- Suggestions for using the materials

These three sets of materials come as a single package. They are designed to promote the derived fact and mental math strategies to ensure success with school math in Fourth and Fifth Grade.

Strategies include using skip counting, repeated addition, repeated subtraction, patterns, split into parts, using known facts, and mental math strategies.

An example taken from a Split Into Parts lesson is shown below:

Problem: Robert can run 4 miles in 20 minutes. How long will it take him to run 16 miles?

Connections: Highlight an interestings strategy and have all students try it with:

Tanya ran for 7 miles. It takes her 7 minutes to run 1 mile. How many minutes did Tanya run?

- They include:
- 200 five-minute lessons, organized around thinking strategies
- Probes to assess the thinking strategies being used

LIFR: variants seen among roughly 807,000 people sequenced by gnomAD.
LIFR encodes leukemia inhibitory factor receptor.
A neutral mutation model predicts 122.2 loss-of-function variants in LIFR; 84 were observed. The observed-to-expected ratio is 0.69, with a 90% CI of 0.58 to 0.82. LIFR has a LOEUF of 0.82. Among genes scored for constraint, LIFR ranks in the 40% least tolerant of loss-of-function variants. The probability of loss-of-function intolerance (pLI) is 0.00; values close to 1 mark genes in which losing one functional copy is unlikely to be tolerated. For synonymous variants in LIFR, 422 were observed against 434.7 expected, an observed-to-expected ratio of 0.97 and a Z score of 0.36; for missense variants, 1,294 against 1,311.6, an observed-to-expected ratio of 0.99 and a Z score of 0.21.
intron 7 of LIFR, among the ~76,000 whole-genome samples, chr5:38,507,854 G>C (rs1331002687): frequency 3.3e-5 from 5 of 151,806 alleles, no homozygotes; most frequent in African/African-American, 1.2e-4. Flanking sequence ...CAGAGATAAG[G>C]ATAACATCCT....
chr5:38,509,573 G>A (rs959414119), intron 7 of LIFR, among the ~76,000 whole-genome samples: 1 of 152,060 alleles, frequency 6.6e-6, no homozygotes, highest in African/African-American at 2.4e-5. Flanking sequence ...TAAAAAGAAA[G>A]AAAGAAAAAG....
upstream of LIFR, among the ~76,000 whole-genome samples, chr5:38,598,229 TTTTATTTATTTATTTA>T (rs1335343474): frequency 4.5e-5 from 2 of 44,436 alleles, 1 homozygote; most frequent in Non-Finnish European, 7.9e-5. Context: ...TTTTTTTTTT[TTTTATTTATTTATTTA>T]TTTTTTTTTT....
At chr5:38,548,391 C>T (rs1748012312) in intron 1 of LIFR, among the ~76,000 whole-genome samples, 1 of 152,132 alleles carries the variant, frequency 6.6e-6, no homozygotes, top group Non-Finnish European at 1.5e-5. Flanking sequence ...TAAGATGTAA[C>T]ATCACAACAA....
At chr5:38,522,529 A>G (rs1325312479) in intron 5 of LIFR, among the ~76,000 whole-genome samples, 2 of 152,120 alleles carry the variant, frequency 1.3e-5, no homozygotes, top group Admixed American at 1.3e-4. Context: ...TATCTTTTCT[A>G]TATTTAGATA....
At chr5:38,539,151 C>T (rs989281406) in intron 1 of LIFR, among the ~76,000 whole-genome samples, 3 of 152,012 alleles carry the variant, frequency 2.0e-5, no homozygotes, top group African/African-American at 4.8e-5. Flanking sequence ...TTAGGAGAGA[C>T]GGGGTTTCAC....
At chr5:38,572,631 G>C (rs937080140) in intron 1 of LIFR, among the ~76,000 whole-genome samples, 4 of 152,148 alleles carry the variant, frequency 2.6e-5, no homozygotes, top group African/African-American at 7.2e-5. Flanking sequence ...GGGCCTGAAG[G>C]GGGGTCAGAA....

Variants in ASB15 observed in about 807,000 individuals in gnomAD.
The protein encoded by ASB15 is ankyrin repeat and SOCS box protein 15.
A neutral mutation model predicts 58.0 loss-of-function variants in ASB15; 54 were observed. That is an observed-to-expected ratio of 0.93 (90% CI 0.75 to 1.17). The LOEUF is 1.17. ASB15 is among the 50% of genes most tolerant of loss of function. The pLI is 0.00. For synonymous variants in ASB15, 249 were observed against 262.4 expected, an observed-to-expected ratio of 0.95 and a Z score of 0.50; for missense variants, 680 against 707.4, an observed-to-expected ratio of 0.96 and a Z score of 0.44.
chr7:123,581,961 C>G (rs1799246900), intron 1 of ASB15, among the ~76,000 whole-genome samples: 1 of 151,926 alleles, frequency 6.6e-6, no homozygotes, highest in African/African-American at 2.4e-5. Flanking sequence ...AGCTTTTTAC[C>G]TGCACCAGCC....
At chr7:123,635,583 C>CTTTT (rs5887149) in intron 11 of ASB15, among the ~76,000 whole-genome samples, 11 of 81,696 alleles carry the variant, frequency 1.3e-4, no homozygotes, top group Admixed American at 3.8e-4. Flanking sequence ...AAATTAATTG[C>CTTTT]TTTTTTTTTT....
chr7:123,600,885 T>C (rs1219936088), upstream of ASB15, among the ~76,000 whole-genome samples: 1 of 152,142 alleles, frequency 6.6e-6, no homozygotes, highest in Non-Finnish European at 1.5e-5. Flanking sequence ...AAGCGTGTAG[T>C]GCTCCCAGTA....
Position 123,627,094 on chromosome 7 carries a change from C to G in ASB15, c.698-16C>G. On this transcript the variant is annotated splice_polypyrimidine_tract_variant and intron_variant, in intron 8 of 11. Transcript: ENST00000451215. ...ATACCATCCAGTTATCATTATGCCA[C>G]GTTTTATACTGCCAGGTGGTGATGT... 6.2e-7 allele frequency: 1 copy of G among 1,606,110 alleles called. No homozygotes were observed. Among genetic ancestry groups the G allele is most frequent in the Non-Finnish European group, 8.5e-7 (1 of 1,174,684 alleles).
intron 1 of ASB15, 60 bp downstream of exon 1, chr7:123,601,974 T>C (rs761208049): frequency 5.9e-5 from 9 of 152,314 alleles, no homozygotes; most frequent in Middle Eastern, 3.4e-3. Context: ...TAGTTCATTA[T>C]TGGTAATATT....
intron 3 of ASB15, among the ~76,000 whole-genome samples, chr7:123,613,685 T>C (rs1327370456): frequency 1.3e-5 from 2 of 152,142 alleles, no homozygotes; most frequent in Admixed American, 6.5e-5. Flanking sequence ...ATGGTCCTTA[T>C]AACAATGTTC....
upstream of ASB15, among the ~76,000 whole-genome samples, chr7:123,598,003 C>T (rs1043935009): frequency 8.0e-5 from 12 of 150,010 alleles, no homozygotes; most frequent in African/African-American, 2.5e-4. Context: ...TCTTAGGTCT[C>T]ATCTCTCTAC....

- 10 previews lessons for each thinking strategy
- 50 suggestions for activities with concrete materials
- Strategy practice pages for each strategy
- Interview questions with check-off recording sheets to determine student thinking
- Assessments
- Suggestions for using the materials

Tracking Achievement: Basic Facts and Mental Mathis a computer program intended to be used for assessment, not instruction. The primary purpose is to collect speed and accuracy data for basic facts, then provide teachers information to help them make better instructional decisions. This program can be used on a single computer at the back of a classroom or it can be installed on a server allowing an entire class of students to use it at the same time. The program will run on Mac OS X and Windows 95/98/ME/XP. Java 1.4, or later, is required.